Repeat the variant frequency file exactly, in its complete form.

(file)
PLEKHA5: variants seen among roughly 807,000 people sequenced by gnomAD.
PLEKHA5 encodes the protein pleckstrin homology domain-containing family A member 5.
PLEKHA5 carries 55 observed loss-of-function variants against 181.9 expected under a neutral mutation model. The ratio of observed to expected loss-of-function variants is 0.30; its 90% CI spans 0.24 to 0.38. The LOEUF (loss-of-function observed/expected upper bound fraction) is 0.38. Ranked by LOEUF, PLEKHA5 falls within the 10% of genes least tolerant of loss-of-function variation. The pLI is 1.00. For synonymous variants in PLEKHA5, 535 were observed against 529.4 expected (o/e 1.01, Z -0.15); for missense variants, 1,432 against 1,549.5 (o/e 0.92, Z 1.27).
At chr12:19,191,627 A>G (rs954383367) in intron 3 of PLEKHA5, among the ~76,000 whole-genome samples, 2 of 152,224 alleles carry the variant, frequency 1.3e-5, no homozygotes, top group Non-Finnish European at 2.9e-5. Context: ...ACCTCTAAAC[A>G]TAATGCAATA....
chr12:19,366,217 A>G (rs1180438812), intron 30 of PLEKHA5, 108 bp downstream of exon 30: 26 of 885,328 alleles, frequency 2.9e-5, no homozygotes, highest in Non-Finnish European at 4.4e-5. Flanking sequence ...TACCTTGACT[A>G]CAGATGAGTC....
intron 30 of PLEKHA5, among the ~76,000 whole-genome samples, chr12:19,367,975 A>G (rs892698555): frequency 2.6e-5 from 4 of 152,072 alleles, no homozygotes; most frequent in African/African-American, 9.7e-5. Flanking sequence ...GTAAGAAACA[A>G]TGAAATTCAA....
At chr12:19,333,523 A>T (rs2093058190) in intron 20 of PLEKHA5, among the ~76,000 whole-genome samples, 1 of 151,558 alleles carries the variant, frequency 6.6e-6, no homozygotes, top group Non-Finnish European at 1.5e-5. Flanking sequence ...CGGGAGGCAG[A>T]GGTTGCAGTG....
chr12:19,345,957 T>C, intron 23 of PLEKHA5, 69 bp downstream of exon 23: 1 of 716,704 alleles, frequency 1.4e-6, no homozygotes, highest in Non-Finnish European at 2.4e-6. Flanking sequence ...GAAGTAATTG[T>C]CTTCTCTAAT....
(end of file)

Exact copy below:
PLEKHA5: variants seen among roughly 807,000 people sequenced by gnomAD.
PLEKHA5 encodes the protein pleckstrin homology domain-containing family A member 5.
PLEKHA5 carries 55 observed loss-of-function variants against 181.9 expected under a neutral mutation model. The ratio of observed to expected loss-of-function variants is 0.30; its 90% CI spans 0.24 to 0.38. The LOEUF (loss-of-function observed/expected upper bound fraction) is 0.38. Ranked by LOEUF, PLEKHA5 falls within the 10% of genes least tolerant of loss-of-function variation. The pLI is 1.00. For synonymous variants in PLEKHA5, 535 were observed against 529.4 expected (o/e 1.01, Z -0.15); for missense variants, 1,432 against 1,549.5 (o/e 0.92, Z 1.27).
At chr12:19,191,627 A>G (rs954383367) in intron 3 of PLEKHA5, among the ~76,000 whole-genome samples, 2 of 152,224 alleles carry the variant, frequency 1.3e-5, no homozygotes, top group Non-Finnish European at 2.9e-5. Context: ...ACCTCTAAAC[A>G]TAATGCAATA....
chr12:19,366,217 A>G (rs1180438812), intron 30 of PLEKHA5, 108 bp downstream of exon 30: 26 of 885,328 alleles, frequency 2.9e-5, no homozygotes, highest in Non-Finnish European at 4.4e-5. Flanking sequence ...TACCTTGACT[A>G]CAGATGAGTC....
intron 30 of PLEKHA5, among the ~76,000 whole-genome samples, chr12:19,367,975 A>G (rs892698555): frequency 2.6e-5 from 4 of 152,072 alleles, no homozygotes; most frequent in African/African-American, 9.7e-5. Flanking sequence ...GTAAGAAACA[A>G]TGAAATTCAA....
At chr12:19,333,523 A>T (rs2093058190) in intron 20 of PLEKHA5, among the ~76,000 whole-genome samples, 1 of 151,558 alleles carries the variant, frequency 6.6e-6, no homozygotes, top group Non-Finnish European at 1.5e-5. Flanking sequence ...CGGGAGGCAG[A>T]GGTTGCAGTG....
chr12:19,345,957 T>C, intron 23 of PLEKHA5, 69 bp downstream of exon 23: 1 of 716,704 alleles, frequency 1.4e-6, no homozygotes, highest in Non-Finnish European at 2.4e-6. Flanking sequence ...GAAGTAATTG[T>C]CTTCTCTAAT....